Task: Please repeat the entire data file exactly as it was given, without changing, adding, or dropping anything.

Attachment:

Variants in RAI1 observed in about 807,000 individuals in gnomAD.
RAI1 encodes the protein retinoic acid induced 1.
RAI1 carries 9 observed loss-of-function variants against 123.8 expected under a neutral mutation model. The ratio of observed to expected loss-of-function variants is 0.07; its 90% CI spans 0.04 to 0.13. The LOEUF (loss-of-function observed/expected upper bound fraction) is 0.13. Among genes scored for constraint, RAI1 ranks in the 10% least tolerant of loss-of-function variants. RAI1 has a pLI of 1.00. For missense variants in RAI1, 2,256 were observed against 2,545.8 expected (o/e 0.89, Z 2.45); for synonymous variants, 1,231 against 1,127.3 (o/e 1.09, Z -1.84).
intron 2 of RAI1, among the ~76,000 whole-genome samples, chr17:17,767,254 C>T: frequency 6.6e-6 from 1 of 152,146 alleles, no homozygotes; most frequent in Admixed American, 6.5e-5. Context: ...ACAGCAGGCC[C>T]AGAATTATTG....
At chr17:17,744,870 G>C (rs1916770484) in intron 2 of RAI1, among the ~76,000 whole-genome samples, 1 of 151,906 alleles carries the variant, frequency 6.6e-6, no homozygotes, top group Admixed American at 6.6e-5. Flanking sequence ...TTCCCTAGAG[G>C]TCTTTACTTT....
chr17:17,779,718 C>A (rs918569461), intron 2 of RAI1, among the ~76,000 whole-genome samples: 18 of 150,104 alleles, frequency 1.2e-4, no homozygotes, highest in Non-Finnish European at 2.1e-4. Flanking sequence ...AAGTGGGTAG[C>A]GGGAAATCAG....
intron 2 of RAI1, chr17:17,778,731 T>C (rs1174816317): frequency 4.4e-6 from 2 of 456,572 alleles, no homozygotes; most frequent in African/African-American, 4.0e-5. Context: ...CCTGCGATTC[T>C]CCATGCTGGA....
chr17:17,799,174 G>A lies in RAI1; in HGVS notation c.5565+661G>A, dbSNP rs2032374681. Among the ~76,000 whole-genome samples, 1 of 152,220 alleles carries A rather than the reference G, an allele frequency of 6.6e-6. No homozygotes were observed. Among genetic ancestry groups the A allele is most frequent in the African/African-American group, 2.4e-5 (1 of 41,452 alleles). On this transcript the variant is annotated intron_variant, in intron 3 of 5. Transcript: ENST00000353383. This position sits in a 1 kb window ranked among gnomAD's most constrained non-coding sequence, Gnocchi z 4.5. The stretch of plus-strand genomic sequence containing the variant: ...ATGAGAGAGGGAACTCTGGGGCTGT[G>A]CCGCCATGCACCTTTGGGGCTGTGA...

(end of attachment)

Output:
Variants in RAI1 observed in about 807,000 individuals in gnomAD.
RAI1 encodes the protein retinoic acid induced 1.
RAI1 carries 9 observed loss-of-function variants against 123.8 expected under a neutral mutation model. The ratio of observed to expected loss-of-function variants is 0.07; its 90% CI spans 0.04 to 0.13. The LOEUF (loss-of-function observed/expected upper bound fraction) is 0.13. Among genes scored for constraint, RAI1 ranks in the 10% least tolerant of loss-of-function variants. RAI1 has a pLI of 1.00. For missense variants in RAI1, 2,256 were observed against 2,545.8 expected (o/e 0.89, Z 2.45); for synonymous variants, 1,231 against 1,127.3 (o/e 1.09, Z -1.84).
intron 2 of RAI1, among the ~76,000 whole-genome samples, chr17:17,767,254 C>T: frequency 6.6e-6 from 1 of 152,146 alleles, no homozygotes; most frequent in Admixed American, 6.5e-5. Context: ...ACAGCAGGCC[C>T]AGAATTATTG....
At chr17:17,744,870 G>C (rs1916770484) in intron 2 of RAI1, among the ~76,000 whole-genome samples, 1 of 151,906 alleles carries the variant, frequency 6.6e-6, no homozygotes, top group Admixed American at 6.6e-5. Flanking sequence ...TTCCCTAGAG[G>C]TCTTTACTTT....
chr17:17,779,718 C>A (rs918569461), intron 2 of RAI1, among the ~76,000 whole-genome samples: 18 of 150,104 alleles, frequency 1.2e-4, no homozygotes, highest in Non-Finnish European at 2.1e-4. Flanking sequence ...AAGTGGGTAG[C>A]GGGAAATCAG....
intron 2 of RAI1, chr17:17,778,731 T>C (rs1174816317): frequency 4.4e-6 from 2 of 456,572 alleles, no homozygotes; most frequent in African/African-American, 4.0e-5. Context: ...CCTGCGATTC[T>C]CCATGCTGGA....
chr17:17,799,174 G>A lies in RAI1; in HGVS notation c.5565+661G>A, dbSNP rs2032374681. Among the ~76,000 whole-genome samples, 1 of 152,220 alleles carries A rather than the reference G, an allele frequency of 6.6e-6. No homozygotes were observed. Among genetic ancestry groups the A allele is most frequent in the African/African-American group, 2.4e-5 (1 of 41,452 alleles). On this transcript the variant is annotated intron_variant, in intron 3 of 5. Transcript: ENST00000353383. This position sits in a 1 kb window ranked among gnomAD's most constrained non-coding sequence, Gnocchi z 4.5. The stretch of plus-strand genomic sequence containing the variant: ...ATGAGAGAGGGAACTCTGGGGCTGT[G>A]CCGCCATGCACCTTTGGGGCTGTGA...